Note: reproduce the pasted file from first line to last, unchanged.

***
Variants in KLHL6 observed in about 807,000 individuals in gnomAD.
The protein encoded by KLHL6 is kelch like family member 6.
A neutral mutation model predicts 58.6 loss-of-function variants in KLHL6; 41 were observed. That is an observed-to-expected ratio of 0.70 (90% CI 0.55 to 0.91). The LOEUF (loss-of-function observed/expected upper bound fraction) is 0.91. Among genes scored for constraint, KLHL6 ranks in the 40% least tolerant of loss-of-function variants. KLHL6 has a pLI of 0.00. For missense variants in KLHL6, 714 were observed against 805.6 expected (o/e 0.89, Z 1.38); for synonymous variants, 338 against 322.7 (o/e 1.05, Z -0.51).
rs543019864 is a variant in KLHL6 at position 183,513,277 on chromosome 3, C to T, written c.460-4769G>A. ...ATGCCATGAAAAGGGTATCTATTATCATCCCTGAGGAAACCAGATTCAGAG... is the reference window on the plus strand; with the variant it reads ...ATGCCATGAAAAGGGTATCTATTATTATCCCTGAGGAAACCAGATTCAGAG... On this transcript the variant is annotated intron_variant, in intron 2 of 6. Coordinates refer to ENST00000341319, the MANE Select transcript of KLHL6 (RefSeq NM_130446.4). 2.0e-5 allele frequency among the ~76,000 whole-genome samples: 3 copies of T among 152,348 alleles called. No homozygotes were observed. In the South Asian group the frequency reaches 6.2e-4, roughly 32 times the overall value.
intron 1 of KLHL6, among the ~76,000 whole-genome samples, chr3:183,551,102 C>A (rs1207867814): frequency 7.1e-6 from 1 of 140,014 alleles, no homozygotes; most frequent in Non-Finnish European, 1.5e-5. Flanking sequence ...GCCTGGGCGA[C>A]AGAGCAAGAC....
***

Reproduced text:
Variants in KLHL6 observed in about 807,000 individuals in gnomAD.
The protein encoded by KLHL6 is kelch like family member 6.
A neutral mutation model predicts 58.6 loss-of-function variants in KLHL6; 41 were observed. That is an observed-to-expected ratio of 0.70 (90% CI 0.55 to 0.91). The LOEUF (loss-of-function observed/expected upper bound fraction) is 0.91. Among genes scored for constraint, KLHL6 ranks in the 40% least tolerant of loss-of-function variants. KLHL6 has a pLI of 0.00. For missense variants in KLHL6, 714 were observed against 805.6 expected (o/e 0.89, Z 1.38); for synonymous variants, 338 against 322.7 (o/e 1.05, Z -0.51).
rs543019864 is a variant in KLHL6 at position 183,513,277 on chromosome 3, C to T, written c.460-4769G>A. ...ATGCCATGAAAAGGGTATCTATTATCATCCCTGAGGAAACCAGATTCAGAG... is the reference window on the plus strand; with the variant it reads ...ATGCCATGAAAAGGGTATCTATTATTATCCCTGAGGAAACCAGATTCAGAG... On this transcript the variant is annotated intron_variant, in intron 2 of 6. Coordinates refer to ENST00000341319, the MANE Select transcript of KLHL6 (RefSeq NM_130446.4). 2.0e-5 allele frequency among the ~76,000 whole-genome samples: 3 copies of T among 152,348 alleles called. No homozygotes were observed. In the South Asian group the frequency reaches 6.2e-4, roughly 32 times the overall value.
intron 1 of KLHL6, among the ~76,000 whole-genome samples, chr3:183,551,102 C>A (rs1207867814): frequency 7.1e-6 from 1 of 140,014 alleles, no homozygotes; most frequent in Non-Finnish European, 1.5e-5. Flanking sequence ...GCCTGGGCGA[C>A]AGAGCAAGAC....